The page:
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The International Monetary Fund (IMF) cut its global growth forecast in its October 2019 World Economic Outlook (WEO).  

The report revealed that the global growth estimate for 2019 was as high as 3.9% in mid-2018. However, economic momentum and weaker investment led to the slashing of the estimated growth as it reached a near standstill pace of 1.1% from 3.6% last year, though it also sees a pickup to 3.2% in 2020. 

This downward revision can be attributed to a number of factors such as continuing trade conflicts that have undercut business confidence and investment.  

READ MORE: IMF wants Nigeria to cut tax exemptions and incentives

The IMF made it known that the trade policies of the United States President, Donald Trump is currently one of the biggest global threats as investors await clarity on the possibility that the U.S.-China talks will ease global uncertainties. 

According to the IMF Chief Economist Gita Gopinath, the global economy is experiencing “a synchronized slowdown and uncertain recovery, “There is no room for policy mistakes and an urgent need for policymakers to cooperatively de-escalate trade and geopolitical tensions.” Gopinath said.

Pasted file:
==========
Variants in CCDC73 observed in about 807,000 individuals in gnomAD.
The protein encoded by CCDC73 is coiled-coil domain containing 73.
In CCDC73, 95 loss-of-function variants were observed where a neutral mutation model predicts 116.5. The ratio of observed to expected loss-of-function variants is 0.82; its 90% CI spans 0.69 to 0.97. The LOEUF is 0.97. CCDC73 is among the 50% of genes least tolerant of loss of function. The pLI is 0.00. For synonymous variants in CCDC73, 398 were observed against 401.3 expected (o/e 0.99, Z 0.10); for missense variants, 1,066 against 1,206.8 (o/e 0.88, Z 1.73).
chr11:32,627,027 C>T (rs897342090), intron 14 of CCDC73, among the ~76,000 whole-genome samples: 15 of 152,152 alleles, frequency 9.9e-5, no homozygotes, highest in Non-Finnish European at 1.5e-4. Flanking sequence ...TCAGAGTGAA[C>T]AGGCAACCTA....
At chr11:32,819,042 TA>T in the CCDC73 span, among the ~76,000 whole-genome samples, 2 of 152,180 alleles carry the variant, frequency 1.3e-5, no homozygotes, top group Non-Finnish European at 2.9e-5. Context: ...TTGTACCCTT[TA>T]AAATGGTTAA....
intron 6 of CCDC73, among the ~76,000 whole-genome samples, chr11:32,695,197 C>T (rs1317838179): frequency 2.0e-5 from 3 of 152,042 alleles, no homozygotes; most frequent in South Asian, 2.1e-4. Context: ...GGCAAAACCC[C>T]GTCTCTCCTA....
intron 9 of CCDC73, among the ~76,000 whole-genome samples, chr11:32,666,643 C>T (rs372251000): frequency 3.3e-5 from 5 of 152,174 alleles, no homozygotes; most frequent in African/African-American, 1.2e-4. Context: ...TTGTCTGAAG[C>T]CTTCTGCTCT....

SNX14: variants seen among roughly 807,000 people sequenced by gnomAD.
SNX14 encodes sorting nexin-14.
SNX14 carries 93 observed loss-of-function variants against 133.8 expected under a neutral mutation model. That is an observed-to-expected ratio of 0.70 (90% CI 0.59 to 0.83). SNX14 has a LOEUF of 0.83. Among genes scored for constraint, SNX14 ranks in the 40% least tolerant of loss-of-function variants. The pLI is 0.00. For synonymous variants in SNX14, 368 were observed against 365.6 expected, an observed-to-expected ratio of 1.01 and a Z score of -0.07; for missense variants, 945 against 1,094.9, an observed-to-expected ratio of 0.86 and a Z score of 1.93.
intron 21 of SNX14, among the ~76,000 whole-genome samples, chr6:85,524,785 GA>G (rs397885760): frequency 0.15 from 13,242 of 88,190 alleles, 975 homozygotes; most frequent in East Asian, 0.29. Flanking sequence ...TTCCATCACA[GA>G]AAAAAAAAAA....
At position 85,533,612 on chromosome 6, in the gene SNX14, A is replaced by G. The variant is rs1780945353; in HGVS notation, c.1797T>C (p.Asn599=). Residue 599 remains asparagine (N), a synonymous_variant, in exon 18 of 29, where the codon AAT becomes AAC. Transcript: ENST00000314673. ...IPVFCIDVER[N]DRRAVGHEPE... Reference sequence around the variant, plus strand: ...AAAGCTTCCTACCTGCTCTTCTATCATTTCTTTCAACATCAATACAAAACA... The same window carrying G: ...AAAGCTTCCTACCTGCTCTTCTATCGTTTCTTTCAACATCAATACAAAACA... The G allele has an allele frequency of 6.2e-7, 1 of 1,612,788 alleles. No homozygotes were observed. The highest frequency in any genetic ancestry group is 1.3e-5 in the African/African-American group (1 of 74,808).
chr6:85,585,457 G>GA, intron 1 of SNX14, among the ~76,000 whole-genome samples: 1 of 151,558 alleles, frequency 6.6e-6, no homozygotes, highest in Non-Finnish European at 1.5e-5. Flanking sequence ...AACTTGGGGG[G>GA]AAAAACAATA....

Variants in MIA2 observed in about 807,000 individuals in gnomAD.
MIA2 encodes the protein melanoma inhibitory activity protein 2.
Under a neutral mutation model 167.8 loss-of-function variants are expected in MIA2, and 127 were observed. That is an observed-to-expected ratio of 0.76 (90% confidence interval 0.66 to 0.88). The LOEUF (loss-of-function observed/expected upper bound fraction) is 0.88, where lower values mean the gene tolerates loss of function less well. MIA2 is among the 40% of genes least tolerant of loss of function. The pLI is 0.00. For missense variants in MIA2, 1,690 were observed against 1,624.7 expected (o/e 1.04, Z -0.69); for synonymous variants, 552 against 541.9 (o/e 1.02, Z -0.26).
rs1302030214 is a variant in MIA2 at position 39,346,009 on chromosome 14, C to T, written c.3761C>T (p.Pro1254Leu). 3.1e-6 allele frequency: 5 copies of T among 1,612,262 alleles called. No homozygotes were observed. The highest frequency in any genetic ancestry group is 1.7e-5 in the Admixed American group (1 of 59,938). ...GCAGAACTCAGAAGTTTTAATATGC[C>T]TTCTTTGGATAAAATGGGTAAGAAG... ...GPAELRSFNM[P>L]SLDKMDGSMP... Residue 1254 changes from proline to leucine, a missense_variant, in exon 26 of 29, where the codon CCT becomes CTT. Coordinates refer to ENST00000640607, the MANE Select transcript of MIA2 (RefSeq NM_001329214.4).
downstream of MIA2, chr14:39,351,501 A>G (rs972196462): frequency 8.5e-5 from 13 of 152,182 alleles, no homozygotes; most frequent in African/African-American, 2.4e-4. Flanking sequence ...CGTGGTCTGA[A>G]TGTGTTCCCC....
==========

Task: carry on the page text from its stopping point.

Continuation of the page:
Prior to now, Nairametrics reported when the new Managing Director of the IMF, Kristalina Georgieva expressed her worries and issued a warning during her inaugural speech stating that the global economy would witness a synchronized slowdown in growth if they fail to resolve trade conflicts and work together.

READ ALSO: IMF warns about China’s loan terms, as Nigeria’s ‘romance’ with Asian country deepens

Georgieva had also hinted that the cumulative effect of trade conflicts would result in a $700 billion reduction in global Gross Domestic Product (GDP) output by 2020, or around 0.8%. 

What this meansIf trade tensions continue in the path of increasing escalations, the Nigerian economy will suffer from it as the current tensed global trade environment will keep foreign investors on the sidelines. 

The continuing trade conflicts in the longer term could also hurt global demand in oil, thus pushing the benchmark price lower which in effect would cause a contraction in Nigeria’s economic growth as the country is heavily dependent on oil exports. 



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